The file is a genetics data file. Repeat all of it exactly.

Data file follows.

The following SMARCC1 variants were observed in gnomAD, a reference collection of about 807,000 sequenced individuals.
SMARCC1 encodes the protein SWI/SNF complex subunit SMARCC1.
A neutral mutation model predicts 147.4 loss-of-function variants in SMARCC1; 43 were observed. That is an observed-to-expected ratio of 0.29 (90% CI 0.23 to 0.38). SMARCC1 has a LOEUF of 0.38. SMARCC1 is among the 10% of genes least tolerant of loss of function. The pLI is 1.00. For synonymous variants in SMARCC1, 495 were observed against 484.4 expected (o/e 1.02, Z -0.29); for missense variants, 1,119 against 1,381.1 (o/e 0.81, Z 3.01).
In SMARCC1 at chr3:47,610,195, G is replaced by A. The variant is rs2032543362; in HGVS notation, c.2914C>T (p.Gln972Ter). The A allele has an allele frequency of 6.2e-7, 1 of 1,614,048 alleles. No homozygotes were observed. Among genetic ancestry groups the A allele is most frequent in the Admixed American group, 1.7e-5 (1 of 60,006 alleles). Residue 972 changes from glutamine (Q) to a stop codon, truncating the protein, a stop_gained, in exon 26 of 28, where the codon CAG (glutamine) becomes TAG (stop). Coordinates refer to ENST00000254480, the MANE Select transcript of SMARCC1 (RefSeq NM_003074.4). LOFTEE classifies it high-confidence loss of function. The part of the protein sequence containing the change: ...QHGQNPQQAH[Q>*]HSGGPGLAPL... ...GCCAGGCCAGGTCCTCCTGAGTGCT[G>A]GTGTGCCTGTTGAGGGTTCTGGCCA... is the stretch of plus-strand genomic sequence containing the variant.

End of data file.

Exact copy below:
The following SMARCC1 variants were observed in gnomAD, a reference collection of about 807,000 sequenced individuals.
SMARCC1 encodes the protein SWI/SNF complex subunit SMARCC1.
A neutral mutation model predicts 147.4 loss-of-function variants in SMARCC1; 43 were observed. That is an observed-to-expected ratio of 0.29 (90% CI 0.23 to 0.38). SMARCC1 has a LOEUF of 0.38. SMARCC1 is among the 10% of genes least tolerant of loss of function. The pLI is 1.00. For synonymous variants in SMARCC1, 495 were observed against 484.4 expected (o/e 1.02, Z -0.29); for missense variants, 1,119 against 1,381.1 (o/e 0.81, Z 3.01).
In SMARCC1 at chr3:47,610,195, G is replaced by A. The variant is rs2032543362; in HGVS notation, c.2914C>T (p.Gln972Ter). The A allele has an allele frequency of 6.2e-7, 1 of 1,614,048 alleles. No homozygotes were observed. Among genetic ancestry groups the A allele is most frequent in the Admixed American group, 1.7e-5 (1 of 60,006 alleles). Residue 972 changes from glutamine (Q) to a stop codon, truncating the protein, a stop_gained, in exon 26 of 28, where the codon CAG (glutamine) becomes TAG (stop). Coordinates refer to ENST00000254480, the MANE Select transcript of SMARCC1 (RefSeq NM_003074.4). LOFTEE classifies it high-confidence loss of function. The part of the protein sequence containing the change: ...QHGQNPQQAH[Q>*]HSGGPGLAPL... ...GCCAGGCCAGGTCCTCCTGAGTGCT[G>A]GTGTGCCTGTTGAGGGTTCTGGCCA... is the stretch of plus-strand genomic sequence containing the variant.